Cross-posted from the Louisville Courier-Journal
Written by GARY A. HALL
Four hours before post time, nearly every thoroughbred about to race in the United States gets a shot of a diuretic best known by its human brand name, Lasix.
In the past three months, many of racing’s most influential organizations have come out in support of a ban on race-day use of the drug — known generically as furosemide — mirroring what countries outside of North America already do. The groundswell prompted a meeting scheduled for next week at Belmont Park where industry leaders from around the world will debate the issue.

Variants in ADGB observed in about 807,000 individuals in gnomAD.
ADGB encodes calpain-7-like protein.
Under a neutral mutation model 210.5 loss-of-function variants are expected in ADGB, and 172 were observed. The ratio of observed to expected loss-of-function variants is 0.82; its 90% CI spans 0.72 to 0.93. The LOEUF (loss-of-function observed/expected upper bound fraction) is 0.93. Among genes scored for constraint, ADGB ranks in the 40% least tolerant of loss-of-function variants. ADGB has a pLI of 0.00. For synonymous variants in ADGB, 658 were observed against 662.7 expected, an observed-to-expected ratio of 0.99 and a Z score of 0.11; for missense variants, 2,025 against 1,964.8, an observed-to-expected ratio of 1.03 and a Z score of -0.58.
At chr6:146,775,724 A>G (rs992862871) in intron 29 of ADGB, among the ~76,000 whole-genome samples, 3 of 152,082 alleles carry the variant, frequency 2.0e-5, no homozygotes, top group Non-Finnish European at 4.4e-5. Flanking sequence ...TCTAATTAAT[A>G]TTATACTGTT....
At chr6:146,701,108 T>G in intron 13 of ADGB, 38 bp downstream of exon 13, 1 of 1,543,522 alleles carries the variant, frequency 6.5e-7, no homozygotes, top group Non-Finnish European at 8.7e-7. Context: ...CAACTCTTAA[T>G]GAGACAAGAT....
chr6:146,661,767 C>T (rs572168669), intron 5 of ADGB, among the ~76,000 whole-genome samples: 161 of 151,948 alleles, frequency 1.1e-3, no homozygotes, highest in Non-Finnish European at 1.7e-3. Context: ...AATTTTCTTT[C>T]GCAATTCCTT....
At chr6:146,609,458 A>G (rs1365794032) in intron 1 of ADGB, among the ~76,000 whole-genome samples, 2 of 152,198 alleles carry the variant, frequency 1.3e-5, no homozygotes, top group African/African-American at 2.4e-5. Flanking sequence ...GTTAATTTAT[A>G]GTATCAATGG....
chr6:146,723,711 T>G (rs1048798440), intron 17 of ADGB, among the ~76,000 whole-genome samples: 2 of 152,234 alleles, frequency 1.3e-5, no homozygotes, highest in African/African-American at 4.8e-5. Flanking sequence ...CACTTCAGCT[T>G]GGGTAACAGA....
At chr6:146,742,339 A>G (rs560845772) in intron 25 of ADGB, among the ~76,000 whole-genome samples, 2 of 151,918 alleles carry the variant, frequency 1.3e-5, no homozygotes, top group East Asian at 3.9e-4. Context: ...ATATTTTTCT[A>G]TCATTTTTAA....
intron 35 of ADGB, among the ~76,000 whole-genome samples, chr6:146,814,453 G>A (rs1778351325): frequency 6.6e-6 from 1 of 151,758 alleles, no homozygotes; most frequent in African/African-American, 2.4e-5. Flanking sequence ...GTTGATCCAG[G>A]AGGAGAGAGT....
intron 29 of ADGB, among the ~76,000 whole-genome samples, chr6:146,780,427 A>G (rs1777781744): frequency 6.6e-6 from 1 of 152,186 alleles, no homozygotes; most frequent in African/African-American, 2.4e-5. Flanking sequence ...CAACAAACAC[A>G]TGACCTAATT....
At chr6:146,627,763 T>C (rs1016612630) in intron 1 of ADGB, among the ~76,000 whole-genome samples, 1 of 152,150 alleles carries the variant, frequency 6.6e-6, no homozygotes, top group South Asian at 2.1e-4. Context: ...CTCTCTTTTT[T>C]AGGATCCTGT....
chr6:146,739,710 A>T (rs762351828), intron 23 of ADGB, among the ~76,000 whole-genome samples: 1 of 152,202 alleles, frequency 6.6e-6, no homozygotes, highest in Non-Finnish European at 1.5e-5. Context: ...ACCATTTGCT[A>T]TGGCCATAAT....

The industry is far from united on the question of a ban. Most notably, the major U.S. owner-trainer group, the National Horsemen’s Benevolent and Protective Association, opposes it.
But industry leaders will meet next week under the threat of federal legislation introduced in early May to ban race-day medication and provide stiffer penalties for abuse.
The fight over anti-bleeding medications is the “mother of all battles,” said Dan Metzger, president of the Lexington-based Thoroughbred Owners and Breeders Association, which supports a race-day medication ban. Continue reading >>
Learn more about racehorse doping in “The Chemical Horse,” a Special Report by Jane Allin for the Int’l Fund for Horses.